U.S. Post Office and Custom House, Pembina, ND

In 1989 the U. S. Custom House and Post Office at Pembina was one of a small group of 20 extant federally-built post offices in North Dakota constructed between 1900-1940. The building has the distinctive characteristics of federally-funded post offices as a property type built in North Dakota before the Second World War. It is one of only three postal buildings in North Dakota designed in the Colonial Revival style by the government. It is one of nine postal facilities built in North Dakota as a governmental response to the economic dislocations and hardships of the Great Depression. The U. S. Custom House and Post Office in Pembina is significant in North Dakota postal history for its unique architecture and functional history. It is locally significant as the grandest and best-designed building in Pembina today, public or private.

Functionally, this structure was primarily built to house the U.S. Customs and Immigration departments and was located at a major entry point between the United States and Winnipeg, Canada. Only secondarily was it a post office, this function taking less than one-third of the interior floor space. To some extent, the architecture, massing, and size follow from functional considerations: the post office was located in one wing of the ground floor with a side entrance of its own facing Cavalier Street. There was no internal interchange with the Customs and Immigration functions. It was built at a cost of $115,000 because of its combined function as border inspection station and post office. During the same time, the government also funded North Dakota border inspection stations at Portal, Ambrose, and St. John – all on the Canadian border and all built at a cost of between $54,000-74,000, far less than at Pembina (The Foster County Independent, Oct. 6, 1932, pp. 1, 5).

Historically, there seems to have been no pressing need for expanded postal facilities which prompted the government to erect this building. Rather, the government appears to have needed larger facilities for Customs and Immigration at Pembina, the main route to Winnipeg, Canada. The Pembina Customs House and Post Office is the grandest structure in Pembina and the only representative of the Federal presence in town. The building is owned by the General Services Administration and leased out. The building no longer functions as a post office or as the custom house between the United States and Canada. The post office was decommissioned and moved to a new building in Pembina in the 1990s and a new custom house was constructed on the U.S./Canada border in the mid-1960s.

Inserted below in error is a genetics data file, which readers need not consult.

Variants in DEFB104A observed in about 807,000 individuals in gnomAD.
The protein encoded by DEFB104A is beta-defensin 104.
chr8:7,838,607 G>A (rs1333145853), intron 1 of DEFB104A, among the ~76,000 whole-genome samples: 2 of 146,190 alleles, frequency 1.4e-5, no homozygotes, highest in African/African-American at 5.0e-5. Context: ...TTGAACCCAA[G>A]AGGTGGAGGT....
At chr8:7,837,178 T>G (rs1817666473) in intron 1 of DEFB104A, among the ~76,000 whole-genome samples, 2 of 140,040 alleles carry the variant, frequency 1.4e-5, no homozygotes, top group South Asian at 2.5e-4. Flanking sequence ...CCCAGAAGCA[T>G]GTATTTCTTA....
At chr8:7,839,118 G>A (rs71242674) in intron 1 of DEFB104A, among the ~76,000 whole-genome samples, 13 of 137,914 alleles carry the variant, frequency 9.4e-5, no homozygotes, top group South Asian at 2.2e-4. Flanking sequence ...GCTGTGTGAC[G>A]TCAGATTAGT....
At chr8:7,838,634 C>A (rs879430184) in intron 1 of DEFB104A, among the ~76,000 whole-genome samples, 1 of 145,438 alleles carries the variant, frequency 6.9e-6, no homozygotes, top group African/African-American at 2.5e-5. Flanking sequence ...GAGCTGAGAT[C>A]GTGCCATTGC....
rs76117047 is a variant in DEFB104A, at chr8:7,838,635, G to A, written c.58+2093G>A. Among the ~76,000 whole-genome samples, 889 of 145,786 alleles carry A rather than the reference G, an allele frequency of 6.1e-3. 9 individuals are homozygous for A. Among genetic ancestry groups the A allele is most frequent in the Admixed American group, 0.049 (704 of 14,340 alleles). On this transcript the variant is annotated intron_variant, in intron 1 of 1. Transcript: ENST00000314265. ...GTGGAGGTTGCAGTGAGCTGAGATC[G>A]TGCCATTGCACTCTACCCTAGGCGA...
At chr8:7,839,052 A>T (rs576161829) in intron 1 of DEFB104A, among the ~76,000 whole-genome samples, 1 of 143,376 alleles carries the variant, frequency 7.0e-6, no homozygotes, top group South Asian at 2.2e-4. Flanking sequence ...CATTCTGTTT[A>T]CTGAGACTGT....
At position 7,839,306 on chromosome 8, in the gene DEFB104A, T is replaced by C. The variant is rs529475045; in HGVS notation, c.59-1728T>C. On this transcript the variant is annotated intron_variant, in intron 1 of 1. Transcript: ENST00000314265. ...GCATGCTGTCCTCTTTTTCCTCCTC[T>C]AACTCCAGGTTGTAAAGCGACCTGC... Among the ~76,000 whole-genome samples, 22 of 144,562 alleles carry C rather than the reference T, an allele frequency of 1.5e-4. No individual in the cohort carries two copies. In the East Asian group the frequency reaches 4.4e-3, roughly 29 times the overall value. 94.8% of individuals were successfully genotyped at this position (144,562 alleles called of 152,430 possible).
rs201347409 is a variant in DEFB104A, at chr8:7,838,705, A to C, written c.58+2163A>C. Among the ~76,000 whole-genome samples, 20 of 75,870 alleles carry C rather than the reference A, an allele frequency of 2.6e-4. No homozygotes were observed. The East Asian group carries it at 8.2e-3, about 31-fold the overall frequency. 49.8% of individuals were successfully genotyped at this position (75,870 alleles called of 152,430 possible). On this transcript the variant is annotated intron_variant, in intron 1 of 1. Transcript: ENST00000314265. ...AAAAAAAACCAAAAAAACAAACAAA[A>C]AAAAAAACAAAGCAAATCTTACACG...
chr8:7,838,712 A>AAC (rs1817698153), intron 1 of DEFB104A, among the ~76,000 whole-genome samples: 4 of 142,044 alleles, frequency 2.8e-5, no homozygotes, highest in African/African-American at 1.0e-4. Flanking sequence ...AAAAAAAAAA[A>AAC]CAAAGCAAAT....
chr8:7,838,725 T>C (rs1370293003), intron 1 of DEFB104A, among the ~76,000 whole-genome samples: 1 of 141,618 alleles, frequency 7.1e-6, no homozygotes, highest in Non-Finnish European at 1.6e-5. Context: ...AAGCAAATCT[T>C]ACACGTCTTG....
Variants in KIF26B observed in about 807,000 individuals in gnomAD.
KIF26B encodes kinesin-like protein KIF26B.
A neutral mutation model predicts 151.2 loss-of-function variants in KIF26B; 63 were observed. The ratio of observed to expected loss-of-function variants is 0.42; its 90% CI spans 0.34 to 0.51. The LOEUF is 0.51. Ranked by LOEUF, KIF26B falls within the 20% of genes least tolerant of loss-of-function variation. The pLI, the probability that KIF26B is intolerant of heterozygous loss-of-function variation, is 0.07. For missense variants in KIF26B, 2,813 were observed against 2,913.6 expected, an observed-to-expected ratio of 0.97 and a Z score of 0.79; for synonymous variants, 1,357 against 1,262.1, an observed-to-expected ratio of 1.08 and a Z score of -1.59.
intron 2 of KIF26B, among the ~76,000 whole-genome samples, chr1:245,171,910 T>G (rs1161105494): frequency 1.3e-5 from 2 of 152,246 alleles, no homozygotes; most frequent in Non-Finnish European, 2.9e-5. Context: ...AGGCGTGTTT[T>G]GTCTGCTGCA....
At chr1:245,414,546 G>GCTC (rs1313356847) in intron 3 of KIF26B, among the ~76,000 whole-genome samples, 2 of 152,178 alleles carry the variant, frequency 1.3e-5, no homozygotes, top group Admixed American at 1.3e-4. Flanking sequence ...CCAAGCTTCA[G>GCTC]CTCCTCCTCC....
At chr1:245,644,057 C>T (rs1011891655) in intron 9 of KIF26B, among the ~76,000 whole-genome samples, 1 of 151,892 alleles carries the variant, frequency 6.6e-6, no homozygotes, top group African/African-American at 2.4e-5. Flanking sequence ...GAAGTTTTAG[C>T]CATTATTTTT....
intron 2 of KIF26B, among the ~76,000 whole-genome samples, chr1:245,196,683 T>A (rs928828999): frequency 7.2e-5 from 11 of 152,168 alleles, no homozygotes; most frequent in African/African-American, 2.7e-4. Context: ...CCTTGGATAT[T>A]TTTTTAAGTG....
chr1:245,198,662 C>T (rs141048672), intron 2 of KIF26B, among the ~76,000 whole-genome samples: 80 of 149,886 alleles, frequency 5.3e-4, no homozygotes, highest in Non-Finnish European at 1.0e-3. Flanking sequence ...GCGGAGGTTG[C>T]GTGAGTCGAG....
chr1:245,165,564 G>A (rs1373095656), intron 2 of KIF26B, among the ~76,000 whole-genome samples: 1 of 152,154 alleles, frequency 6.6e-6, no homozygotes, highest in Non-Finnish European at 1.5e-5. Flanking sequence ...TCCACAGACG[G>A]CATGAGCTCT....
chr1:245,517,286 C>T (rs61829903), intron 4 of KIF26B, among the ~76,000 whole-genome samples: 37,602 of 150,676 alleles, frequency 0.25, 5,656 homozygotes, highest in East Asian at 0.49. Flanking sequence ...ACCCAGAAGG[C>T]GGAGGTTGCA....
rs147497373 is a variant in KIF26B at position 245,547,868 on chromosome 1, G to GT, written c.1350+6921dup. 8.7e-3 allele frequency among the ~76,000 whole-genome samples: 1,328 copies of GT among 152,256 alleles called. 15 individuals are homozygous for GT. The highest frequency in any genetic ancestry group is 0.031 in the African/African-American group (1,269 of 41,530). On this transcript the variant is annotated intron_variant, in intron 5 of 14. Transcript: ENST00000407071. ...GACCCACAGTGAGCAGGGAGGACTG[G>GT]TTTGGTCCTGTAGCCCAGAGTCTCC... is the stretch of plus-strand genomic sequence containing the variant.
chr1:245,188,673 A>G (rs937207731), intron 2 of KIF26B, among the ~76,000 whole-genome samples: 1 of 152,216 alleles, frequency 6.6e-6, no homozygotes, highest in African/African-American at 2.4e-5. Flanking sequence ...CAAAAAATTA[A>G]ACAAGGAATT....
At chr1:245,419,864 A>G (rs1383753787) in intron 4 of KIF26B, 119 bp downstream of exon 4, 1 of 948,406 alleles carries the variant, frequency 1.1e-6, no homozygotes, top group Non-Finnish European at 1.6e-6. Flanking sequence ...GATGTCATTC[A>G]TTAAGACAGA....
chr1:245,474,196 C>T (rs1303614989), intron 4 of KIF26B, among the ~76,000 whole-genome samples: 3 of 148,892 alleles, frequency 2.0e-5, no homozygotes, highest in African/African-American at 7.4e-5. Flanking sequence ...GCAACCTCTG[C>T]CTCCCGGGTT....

According to the original blueprints, most of the Pembina Custom House and Post Office was devoted to non-postal functions. Of a gross floor area of 15,929 square feet, the building was allocated in the following way: net postal service area, 2,704 sq. ft.; non-postal federal agency net area, 8,412 sq. ft. (Customs and Immigration); and mechanical and circulation area, 4,813 sq. ft. The Cavalier Chronicle described the proposed building as "a federal immigration and customs inspection building" in the initial announcement on August 21, 1931. It went on to note that the new building would house the customs and immigration inspection services. When the facility was completed in 1932, the first floor was devoted largely to Customs and Immigration functions with a customs work room, office space, a customs waiting room, and an immigration office. The post office consisted of a work room, a small mail vestibule, and the postmaster's office in the east wing. On the second floor were rooms for the customs patrol, the U.S. Customs Court room, several detention cells, an animal inspections room run by the Department of Agriculture, and two offices. The basement was originally devoted to storage, custodial supplies, the fuel and boiler rooms, and Customs and Immigration storage rooms. In 1989, the Post Office had less space in the building than originally. It leased the postmaster's office to Immigration and a door was put into the Immigration offices on the first floor. The postmistress office was in the postal work room. The post office was decommissioned in the 1990s and converted to office space. The majority of the interior finishes were preserved and the space retains evidence of the post office that originally occupied it.

The Pembina Customs House and Post Office does not appear to have been built because of a local need for additional postal facilities since Pembina was not growing at the time of its construction. The County seat of Pembina County was moved to the city of Cavalier, some 34 miles west in 1911 (Pembina Centennial Committee, A History of Pembina County, 1967, p. 17). It is difficult to determine cause and effect, but the initiation of air mail service to Pembina might have influenced the construction of the new facility. The Cavalier Chronicle noted in its December 19, 1930, issue that Pembina was to be a transfer point for air mail service between Winnipeg and the Twin Cities in Minnesota. Some $750,000 was made available by Congress to have Northwest Airways fly mail from Minneapolis to Pembina. Canadian Airways would fly the mail from Pembina to Winnipeg some 69 miles to the north. American flyers wished the entire route, but were stopped by the Canadian government who insisted on using Canadian flyers over Canada (p. 1). As a result of this new service, the new Northwest Airways airport at Pembina was dedicated in the fall of 1931 (Pembina Centennial Committee, p. 17). It is not clear how much of the air mail might have been sorted at the new Pembina post office when it was completed.